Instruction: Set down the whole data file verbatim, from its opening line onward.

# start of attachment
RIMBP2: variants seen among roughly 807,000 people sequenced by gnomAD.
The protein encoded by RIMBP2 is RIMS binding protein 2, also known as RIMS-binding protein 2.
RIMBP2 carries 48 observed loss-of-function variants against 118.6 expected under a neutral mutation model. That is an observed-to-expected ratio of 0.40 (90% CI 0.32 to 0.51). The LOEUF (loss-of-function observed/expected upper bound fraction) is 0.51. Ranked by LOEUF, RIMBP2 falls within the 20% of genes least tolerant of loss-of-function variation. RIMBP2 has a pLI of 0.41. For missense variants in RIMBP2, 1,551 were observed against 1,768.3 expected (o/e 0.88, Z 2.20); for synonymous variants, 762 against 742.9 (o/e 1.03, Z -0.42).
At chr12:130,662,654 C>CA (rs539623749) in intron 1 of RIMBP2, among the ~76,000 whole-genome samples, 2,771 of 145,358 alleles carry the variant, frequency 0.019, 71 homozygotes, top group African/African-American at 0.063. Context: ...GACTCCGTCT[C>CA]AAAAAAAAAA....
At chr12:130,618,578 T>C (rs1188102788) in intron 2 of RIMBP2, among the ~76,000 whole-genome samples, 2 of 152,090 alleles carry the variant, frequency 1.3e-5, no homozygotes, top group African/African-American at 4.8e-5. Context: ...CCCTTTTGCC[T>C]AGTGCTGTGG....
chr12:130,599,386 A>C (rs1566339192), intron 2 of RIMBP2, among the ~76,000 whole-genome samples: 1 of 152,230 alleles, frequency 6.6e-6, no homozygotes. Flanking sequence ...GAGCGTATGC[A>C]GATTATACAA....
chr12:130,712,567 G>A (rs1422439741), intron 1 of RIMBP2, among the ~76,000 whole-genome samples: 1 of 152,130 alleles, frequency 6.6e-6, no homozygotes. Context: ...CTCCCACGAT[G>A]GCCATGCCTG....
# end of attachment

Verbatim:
RIMBP2: variants seen among roughly 807,000 people sequenced by gnomAD.
The protein encoded by RIMBP2 is RIMS binding protein 2, also known as RIMS-binding protein 2.
RIMBP2 carries 48 observed loss-of-function variants against 118.6 expected under a neutral mutation model. That is an observed-to-expected ratio of 0.40 (90% CI 0.32 to 0.51). The LOEUF (loss-of-function observed/expected upper bound fraction) is 0.51. Ranked by LOEUF, RIMBP2 falls within the 20% of genes least tolerant of loss-of-function variation. RIMBP2 has a pLI of 0.41. For missense variants in RIMBP2, 1,551 were observed against 1,768.3 expected (o/e 0.88, Z 2.20); for synonymous variants, 762 against 742.9 (o/e 1.03, Z -0.42).
At chr12:130,662,654 C>CA (rs539623749) in intron 1 of RIMBP2, among the ~76,000 whole-genome samples, 2,771 of 145,358 alleles carry the variant, frequency 0.019, 71 homozygotes, top group African/African-American at 0.063. Context: ...GACTCCGTCT[C>CA]AAAAAAAAAA....
At chr12:130,618,578 T>C (rs1188102788) in intron 2 of RIMBP2, among the ~76,000 whole-genome samples, 2 of 152,090 alleles carry the variant, frequency 1.3e-5, no homozygotes, top group African/African-American at 4.8e-5. Context: ...CCCTTTTGCC[T>C]AGTGCTGTGG....
chr12:130,599,386 A>C (rs1566339192), intron 2 of RIMBP2, among the ~76,000 whole-genome samples: 1 of 152,230 alleles, frequency 6.6e-6, no homozygotes. Flanking sequence ...GAGCGTATGC[A>C]GATTATACAA....
chr12:130,712,567 G>A (rs1422439741), intron 1 of RIMBP2, among the ~76,000 whole-genome samples: 1 of 152,130 alleles, frequency 6.6e-6, no homozygotes. Context: ...CTCCCACGAT[G>A]GCCATGCCTG....